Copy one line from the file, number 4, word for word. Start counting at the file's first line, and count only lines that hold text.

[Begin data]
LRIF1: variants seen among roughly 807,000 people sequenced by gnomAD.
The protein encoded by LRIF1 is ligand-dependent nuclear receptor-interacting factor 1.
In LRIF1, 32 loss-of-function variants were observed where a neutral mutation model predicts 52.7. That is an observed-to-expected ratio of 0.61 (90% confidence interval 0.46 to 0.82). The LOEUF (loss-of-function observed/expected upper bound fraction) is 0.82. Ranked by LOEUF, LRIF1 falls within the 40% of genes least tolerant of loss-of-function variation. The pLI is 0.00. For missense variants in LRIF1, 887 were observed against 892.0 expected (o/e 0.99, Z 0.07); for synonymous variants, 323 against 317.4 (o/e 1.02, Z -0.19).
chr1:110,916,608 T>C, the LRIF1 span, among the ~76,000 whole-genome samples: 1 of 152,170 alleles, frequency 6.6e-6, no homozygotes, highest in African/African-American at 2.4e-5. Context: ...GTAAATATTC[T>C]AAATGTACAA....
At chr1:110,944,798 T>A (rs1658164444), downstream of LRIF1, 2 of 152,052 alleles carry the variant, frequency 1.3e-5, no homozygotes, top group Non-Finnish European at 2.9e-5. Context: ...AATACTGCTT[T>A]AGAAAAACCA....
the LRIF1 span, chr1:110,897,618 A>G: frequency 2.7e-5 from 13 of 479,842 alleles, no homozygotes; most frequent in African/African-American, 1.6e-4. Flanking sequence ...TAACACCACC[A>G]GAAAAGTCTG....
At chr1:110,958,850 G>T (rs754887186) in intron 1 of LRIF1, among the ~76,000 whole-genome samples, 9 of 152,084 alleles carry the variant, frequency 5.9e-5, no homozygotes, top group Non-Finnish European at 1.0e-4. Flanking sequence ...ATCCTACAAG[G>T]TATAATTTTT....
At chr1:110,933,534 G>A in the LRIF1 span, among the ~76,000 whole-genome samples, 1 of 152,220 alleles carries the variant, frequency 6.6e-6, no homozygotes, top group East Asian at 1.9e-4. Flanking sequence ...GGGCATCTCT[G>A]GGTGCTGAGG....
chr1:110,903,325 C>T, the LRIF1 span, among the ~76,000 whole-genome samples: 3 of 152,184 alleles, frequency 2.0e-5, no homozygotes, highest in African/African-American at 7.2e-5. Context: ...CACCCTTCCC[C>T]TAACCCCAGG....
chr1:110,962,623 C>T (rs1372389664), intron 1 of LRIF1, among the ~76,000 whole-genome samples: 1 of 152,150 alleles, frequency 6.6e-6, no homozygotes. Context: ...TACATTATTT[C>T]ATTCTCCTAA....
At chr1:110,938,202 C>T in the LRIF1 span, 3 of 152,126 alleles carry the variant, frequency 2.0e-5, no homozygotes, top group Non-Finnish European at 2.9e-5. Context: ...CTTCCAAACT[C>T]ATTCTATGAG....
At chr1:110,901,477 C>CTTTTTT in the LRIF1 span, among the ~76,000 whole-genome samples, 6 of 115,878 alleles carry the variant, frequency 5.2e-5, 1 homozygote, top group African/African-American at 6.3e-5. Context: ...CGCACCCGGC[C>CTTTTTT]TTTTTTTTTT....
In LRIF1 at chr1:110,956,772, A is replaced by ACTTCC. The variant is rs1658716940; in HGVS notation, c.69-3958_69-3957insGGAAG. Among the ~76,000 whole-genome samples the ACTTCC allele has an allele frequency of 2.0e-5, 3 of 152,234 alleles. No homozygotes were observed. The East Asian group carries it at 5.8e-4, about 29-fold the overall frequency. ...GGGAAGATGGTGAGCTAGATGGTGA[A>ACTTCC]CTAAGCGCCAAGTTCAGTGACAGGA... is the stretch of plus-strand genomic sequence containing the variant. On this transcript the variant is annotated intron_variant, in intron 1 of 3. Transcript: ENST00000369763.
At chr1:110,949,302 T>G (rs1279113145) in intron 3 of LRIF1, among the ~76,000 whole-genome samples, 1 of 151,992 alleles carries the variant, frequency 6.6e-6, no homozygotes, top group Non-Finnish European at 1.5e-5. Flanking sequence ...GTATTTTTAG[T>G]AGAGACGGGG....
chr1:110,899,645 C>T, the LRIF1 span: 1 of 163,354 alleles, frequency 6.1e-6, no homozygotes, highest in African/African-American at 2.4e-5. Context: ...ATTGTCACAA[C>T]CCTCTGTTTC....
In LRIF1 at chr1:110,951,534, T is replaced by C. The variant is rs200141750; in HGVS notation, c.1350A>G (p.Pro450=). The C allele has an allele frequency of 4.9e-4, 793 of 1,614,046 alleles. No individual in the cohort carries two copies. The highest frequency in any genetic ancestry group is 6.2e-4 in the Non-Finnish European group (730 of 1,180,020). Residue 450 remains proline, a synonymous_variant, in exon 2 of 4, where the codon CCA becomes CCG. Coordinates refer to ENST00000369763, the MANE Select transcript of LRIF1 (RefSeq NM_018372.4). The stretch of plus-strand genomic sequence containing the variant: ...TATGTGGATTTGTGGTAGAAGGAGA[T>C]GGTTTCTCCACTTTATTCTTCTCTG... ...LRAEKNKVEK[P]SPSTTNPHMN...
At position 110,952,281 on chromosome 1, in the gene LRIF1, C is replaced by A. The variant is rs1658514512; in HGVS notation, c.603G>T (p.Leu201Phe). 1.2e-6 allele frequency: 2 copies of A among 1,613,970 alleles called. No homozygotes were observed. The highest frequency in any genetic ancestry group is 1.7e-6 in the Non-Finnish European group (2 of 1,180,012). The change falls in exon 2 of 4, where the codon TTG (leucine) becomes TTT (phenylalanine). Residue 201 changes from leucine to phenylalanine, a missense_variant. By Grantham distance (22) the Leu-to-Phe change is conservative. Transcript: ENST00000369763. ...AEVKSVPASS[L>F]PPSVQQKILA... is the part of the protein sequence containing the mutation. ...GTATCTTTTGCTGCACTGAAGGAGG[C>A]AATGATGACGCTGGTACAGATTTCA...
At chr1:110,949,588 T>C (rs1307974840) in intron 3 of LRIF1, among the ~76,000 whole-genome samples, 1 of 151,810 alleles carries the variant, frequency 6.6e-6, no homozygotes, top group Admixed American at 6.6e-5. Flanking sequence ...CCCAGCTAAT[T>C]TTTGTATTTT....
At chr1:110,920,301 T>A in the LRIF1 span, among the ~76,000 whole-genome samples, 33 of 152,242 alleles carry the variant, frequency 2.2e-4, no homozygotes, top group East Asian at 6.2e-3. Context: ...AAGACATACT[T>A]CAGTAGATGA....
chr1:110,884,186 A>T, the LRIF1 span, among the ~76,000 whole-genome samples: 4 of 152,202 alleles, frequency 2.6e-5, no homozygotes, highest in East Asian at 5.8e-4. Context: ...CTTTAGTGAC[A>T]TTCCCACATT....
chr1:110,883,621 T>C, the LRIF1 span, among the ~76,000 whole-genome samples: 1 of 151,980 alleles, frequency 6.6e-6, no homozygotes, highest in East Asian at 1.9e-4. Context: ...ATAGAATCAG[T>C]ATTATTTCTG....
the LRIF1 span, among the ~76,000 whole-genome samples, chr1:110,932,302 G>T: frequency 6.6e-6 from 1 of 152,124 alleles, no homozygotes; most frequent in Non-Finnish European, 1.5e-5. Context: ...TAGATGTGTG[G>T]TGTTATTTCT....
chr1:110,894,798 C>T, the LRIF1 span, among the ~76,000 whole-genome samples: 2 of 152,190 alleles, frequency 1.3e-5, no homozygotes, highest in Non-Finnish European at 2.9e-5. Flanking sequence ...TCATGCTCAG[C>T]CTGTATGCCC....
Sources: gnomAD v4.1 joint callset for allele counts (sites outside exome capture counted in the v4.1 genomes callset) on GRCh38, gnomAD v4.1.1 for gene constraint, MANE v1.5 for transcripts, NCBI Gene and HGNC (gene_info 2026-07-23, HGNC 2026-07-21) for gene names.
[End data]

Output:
chr1:110,916,608 T>C, the LRIF1 span, among the ~76,000 whole-genome samples: 1 of 152,170 alleles, frequency 6.6e-6, no homozygotes, highest in African/African-American at 2.4e-5. Context: ...GTAAATATTC[T>C]AAATGTACAA....